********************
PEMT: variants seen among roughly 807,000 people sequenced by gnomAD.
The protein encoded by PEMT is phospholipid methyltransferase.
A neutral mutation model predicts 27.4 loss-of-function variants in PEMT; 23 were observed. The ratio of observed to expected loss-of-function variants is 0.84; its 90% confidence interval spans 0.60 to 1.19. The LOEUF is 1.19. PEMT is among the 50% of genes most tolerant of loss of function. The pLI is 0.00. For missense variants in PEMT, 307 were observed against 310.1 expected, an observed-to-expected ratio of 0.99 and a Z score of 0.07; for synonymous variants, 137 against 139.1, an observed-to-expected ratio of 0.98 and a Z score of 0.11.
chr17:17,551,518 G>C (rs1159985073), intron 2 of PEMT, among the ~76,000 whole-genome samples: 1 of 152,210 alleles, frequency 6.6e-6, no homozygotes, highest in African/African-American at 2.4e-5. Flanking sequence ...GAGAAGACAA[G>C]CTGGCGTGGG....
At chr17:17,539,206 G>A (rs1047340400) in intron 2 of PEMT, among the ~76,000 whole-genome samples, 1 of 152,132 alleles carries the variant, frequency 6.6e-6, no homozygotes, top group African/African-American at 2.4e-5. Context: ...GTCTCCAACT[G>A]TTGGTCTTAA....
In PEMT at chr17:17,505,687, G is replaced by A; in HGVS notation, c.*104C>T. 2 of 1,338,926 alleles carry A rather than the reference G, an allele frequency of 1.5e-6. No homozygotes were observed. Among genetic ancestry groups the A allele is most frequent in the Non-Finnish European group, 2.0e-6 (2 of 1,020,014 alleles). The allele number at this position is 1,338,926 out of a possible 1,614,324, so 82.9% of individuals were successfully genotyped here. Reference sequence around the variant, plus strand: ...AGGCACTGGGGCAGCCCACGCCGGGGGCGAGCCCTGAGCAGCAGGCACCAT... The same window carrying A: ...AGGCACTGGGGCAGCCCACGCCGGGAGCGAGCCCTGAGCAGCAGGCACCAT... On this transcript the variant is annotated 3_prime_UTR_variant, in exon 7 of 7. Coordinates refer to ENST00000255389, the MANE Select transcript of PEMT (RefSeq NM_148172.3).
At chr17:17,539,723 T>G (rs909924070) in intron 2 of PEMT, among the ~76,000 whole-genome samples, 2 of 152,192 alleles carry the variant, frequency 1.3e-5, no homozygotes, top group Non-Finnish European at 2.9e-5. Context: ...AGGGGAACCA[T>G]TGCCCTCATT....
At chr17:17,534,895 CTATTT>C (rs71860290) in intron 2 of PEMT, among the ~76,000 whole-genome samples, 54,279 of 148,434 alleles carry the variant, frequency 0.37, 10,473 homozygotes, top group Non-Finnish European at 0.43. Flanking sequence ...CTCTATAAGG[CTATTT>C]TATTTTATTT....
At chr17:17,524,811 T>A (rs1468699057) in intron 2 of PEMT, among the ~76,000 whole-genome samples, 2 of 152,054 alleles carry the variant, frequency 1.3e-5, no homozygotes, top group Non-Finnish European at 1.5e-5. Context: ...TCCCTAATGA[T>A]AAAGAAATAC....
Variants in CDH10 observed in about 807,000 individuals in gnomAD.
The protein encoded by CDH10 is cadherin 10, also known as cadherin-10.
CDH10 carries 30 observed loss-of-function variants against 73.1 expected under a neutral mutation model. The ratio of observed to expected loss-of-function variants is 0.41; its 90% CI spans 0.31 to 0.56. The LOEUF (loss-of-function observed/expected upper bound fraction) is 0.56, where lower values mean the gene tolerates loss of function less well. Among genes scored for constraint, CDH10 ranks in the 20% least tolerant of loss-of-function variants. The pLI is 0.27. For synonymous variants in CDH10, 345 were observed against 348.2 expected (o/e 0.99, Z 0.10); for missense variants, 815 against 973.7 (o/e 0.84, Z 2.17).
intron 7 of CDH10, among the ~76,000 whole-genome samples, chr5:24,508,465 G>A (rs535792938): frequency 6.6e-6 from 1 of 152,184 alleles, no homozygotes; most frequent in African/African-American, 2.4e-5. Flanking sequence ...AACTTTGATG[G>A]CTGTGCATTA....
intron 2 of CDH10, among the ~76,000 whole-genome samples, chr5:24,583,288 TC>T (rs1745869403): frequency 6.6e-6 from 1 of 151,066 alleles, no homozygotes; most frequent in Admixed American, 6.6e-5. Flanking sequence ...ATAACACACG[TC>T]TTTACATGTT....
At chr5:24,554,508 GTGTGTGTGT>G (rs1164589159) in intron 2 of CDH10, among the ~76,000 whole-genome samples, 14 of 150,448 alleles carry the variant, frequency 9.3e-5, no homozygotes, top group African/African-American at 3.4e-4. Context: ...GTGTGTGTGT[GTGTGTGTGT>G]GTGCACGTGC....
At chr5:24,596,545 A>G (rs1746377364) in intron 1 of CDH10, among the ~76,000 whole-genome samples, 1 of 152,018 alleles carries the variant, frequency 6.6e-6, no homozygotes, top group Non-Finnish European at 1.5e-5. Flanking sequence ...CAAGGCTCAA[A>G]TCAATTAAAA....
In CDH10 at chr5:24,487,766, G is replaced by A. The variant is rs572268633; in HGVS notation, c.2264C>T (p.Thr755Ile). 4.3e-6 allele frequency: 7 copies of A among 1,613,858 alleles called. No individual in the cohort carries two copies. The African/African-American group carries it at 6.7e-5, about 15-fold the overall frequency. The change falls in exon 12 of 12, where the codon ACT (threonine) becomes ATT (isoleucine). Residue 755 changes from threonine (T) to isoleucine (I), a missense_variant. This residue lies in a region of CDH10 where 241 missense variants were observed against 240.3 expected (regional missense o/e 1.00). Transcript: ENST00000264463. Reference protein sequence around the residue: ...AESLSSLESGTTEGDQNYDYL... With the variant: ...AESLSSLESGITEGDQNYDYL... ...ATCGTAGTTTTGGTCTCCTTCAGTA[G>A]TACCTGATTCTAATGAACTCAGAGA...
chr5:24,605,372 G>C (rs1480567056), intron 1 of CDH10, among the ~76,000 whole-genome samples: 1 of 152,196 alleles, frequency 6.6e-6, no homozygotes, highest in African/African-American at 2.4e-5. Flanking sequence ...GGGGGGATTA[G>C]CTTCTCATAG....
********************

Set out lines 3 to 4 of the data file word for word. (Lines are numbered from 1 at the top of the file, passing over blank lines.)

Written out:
A neutral mutation model predicts 27.4 loss-of-function variants in PEMT; 23 were observed. The ratio of observed to expected loss-of-function variants is 0.84; its 90% confidence interval spans 0.60 to 1.19. The LOEUF is 1.19. PEMT is among the 50% of genes most tolerant of loss of function. The pLI is 0.00. For missense variants in PEMT, 307 were observed against 310.1 expected, an observed-to-expected ratio of 0.99 and a Z score of 0.07; for synonymous variants, 137 against 139.1, an observed-to-expected ratio of 0.98 and a Z score of 0.11.
chr17:17,551,518 G>C (rs1159985073), intron 2 of PEMT, among the ~76,000 whole-genome samples: 1 of 152,210 alleles, frequency 6.6e-6, no homozygotes, highest in African/African-American at 2.4e-5. Flanking sequence ...GAGAAGACAA[G>C]CTGGCGTGGG....